African Journal of AIDS and HIV Research
African Journal of AIDS and HIV Research ISSN 2326-2691 Vol. 8 (8), pp. 001-010, August, 2020. © International Scholars Journals
Full Length Research Paper
No HIV infections despite high numbers of hepatitis B and C virus infections in Dutch prisoners
Imke Schreuder1*, Marianne A. B. van der Sande2,3, Albert D. M. E. Osterhaus1, Charles A. B. Boucher1, John Pinxt4, Christian J. P. A. Hoebe5,7, Nicole H. T. M . Dukers-Muijrers5,7, Femke D. H. Koedijk2, Anneke Westerhof2, Esther A. Croes6 and Maaike G. van Veen2
1Department of Virology, Erasmus Medical Centre, Rotterdam, the Netherlands.
2Centre for Infectious Disease Control, National Institute for Public Health and the Environment, Bilthoven, Netherlands.
3Julius Centre, University Medical Centre Utrecht, Utrecht, Netherlands.
4Medical Department, the Geerhorst penitentiary, Sittard, Netherlands.
5Department of Infectious Diseases, South Limburg Public Health Service Geleen, Netherlands.
6Trimbos Institute, Utrecht, Netherlands.
7Department of Medical Microbiology, School of Public Health and Primary Care (CAPHRI), Maastricht University
Medical Centre, Netherlands.
Accepted 12 May, 2020
International studies show high prevalences of blood-borne infections in prisoners but little is known about infectious diseases in Dutch prisoners. This study assessed the prevalence of HIV, hepatitis B and hepatitis C virus infections in Dutch prisoners and contributing risk factors. A cross-sectional serosurvey was conducted among male prisoners, using blood samples and questionnaires. Overall, 229 prisoners participated (77%). No prisoner was HIV seropositive. Nineteen prisoners (8.3%) were anti-hepatitis B core (anti-HBc) positive, three of whom were hepatitis B surface antigen (HBsAg) positive. Fifty (22%) were anti-HBs positive, either after vaccination or previous infection. The prevalence of antibodies to Hepatitis C virus (HCV) was 7.4%, of whom 4.8% was HCV-RNA positive. Over half of the prisoners reported drug use, 36% reported drug use in prison. The predictor for HBV was IDU (P<0.001); the predictors for HCV were higher age and injecting drug users (IDU) (P<0.05). Prevalences among injecting drug users (IDUs) were significantly higher than among non-IDUs (P<0.001). While we did not identify any HIV infected prisoners, the study showed that seroprevalences of Hepatitis B virus (HBV) and HCV infections among Dutch prisoners were up to twenty times higher than estimated for the Dutch general population. IDU was the most commonly reported route of transmission. Since only a minority of prisoners was immune to HBV, vaccination coverage in prisoners should be enhanced.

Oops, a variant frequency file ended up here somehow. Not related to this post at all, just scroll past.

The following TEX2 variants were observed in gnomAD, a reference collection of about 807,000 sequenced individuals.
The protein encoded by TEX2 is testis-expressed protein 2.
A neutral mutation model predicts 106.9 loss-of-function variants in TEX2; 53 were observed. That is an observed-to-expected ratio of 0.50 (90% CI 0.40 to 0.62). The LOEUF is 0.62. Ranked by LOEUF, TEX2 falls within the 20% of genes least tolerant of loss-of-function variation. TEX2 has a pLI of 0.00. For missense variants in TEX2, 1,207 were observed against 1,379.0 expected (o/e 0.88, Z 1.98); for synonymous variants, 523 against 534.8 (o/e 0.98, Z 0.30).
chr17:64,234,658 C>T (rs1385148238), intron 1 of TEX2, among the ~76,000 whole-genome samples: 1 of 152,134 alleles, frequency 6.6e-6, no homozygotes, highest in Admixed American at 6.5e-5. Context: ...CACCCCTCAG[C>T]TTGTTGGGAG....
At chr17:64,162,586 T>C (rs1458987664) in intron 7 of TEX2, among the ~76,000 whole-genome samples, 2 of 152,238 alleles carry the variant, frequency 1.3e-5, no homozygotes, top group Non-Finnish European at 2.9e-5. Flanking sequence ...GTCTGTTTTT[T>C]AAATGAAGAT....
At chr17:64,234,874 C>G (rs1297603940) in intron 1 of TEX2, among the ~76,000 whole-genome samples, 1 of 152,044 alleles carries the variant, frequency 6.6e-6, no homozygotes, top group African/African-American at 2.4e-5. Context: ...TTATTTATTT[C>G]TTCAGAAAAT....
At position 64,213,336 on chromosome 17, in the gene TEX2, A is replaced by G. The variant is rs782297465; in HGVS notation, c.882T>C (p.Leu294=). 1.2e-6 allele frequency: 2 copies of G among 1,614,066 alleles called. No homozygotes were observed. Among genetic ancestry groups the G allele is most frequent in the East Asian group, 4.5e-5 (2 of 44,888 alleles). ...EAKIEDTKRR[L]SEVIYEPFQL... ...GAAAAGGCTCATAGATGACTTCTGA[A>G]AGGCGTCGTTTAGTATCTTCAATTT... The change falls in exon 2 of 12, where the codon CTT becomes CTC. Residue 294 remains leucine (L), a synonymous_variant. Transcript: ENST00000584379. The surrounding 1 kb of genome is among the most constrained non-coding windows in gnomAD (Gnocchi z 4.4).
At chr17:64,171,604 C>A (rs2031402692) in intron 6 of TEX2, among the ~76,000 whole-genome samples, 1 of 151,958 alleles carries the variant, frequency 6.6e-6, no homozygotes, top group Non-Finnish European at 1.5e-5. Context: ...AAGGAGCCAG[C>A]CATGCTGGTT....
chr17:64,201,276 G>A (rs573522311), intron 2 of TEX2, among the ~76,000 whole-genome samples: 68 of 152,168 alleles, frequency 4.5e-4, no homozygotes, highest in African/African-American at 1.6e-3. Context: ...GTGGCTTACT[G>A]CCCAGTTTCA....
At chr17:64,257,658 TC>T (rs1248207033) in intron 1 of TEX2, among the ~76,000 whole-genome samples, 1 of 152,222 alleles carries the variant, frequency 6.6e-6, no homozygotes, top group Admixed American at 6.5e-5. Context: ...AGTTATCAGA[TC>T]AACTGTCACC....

Key words: Epidemiology, blood-borne infection, hepatitis, HIV infection, injecting drug use, prison, seroprevalence.
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